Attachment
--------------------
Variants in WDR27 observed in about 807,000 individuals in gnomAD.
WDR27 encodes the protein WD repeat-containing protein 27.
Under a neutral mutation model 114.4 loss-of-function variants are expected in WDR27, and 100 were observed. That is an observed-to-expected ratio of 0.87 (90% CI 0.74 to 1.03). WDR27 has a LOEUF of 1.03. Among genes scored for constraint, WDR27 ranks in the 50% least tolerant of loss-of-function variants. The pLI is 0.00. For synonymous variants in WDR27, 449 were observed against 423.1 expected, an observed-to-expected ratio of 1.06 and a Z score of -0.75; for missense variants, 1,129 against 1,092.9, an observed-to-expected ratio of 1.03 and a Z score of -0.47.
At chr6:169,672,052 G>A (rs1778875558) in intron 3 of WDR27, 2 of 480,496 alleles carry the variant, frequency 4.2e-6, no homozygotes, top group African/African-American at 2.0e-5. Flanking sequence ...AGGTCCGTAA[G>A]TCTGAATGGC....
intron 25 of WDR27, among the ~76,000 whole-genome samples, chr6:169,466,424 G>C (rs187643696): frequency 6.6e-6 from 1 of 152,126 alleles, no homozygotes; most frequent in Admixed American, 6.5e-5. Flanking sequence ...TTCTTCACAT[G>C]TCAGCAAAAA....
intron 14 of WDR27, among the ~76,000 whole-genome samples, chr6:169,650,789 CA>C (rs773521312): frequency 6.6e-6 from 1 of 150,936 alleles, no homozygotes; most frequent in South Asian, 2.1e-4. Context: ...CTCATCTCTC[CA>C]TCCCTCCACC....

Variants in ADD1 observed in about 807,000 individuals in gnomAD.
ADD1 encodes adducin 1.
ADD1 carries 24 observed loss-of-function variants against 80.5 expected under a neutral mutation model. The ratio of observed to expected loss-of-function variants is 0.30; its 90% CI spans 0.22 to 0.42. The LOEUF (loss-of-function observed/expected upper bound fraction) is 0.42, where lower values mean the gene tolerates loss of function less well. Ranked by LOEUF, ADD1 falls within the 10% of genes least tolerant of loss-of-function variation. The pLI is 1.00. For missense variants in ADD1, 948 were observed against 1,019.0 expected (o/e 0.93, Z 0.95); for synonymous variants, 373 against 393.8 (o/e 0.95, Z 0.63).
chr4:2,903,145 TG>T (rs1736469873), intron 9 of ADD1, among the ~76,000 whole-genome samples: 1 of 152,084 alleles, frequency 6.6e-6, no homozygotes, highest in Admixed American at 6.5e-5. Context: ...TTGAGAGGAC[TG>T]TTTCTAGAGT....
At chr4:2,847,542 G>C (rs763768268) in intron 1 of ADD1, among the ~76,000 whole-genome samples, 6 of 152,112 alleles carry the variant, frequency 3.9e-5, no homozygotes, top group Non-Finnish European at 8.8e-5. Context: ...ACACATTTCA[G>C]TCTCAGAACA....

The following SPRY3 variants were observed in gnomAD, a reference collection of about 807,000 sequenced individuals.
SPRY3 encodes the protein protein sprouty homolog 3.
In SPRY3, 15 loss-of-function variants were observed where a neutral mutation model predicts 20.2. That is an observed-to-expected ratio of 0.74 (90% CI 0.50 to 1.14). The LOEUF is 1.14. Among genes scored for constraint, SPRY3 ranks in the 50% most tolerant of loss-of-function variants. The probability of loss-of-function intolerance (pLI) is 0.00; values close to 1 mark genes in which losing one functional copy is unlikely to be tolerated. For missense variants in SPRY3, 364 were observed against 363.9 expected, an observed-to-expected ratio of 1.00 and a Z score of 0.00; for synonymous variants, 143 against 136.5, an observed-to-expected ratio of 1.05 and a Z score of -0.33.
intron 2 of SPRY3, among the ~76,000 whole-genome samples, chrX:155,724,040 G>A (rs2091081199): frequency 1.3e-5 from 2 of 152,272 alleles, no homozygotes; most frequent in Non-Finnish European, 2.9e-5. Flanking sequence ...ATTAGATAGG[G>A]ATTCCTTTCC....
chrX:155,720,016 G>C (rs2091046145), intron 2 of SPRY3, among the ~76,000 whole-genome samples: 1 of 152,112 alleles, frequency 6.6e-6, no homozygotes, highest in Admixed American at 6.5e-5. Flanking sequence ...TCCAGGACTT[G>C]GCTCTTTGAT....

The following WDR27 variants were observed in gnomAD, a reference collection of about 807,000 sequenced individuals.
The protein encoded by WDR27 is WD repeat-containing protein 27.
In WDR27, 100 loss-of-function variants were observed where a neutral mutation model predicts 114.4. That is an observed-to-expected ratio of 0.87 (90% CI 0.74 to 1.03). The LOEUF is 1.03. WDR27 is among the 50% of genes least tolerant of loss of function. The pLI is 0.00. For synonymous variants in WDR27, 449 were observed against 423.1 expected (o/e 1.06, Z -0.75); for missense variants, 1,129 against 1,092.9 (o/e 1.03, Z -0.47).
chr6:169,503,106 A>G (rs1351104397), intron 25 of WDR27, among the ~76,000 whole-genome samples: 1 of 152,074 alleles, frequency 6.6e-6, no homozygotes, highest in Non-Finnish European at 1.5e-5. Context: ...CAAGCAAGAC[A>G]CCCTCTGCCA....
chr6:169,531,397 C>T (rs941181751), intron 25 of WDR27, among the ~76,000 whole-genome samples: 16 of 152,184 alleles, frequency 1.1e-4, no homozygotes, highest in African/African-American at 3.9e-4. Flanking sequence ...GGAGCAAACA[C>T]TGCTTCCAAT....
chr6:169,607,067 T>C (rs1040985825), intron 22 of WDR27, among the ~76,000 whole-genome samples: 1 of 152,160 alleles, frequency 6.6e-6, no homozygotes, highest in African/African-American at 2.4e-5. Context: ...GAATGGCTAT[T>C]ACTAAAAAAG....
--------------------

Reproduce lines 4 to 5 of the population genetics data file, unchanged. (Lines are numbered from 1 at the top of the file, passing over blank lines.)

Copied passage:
At chr6:169,672,052 G>A (rs1778875558) in intron 3 of WDR27, 2 of 480,496 alleles carry the variant, frequency 4.2e-6, no homozygotes, top group African/African-American at 2.0e-5. Flanking sequence ...AGGTCCGTAA[G>A]TCTGAATGGC....
intron 25 of WDR27, among the ~76,000 whole-genome samples, chr6:169,466,424 G>C (rs187643696): frequency 6.6e-6 from 1 of 152,126 alleles, no homozygotes; most frequent in Admixed American, 6.5e-5. Flanking sequence ...TTCTTCACAT[G>C]TCAGCAAAAA....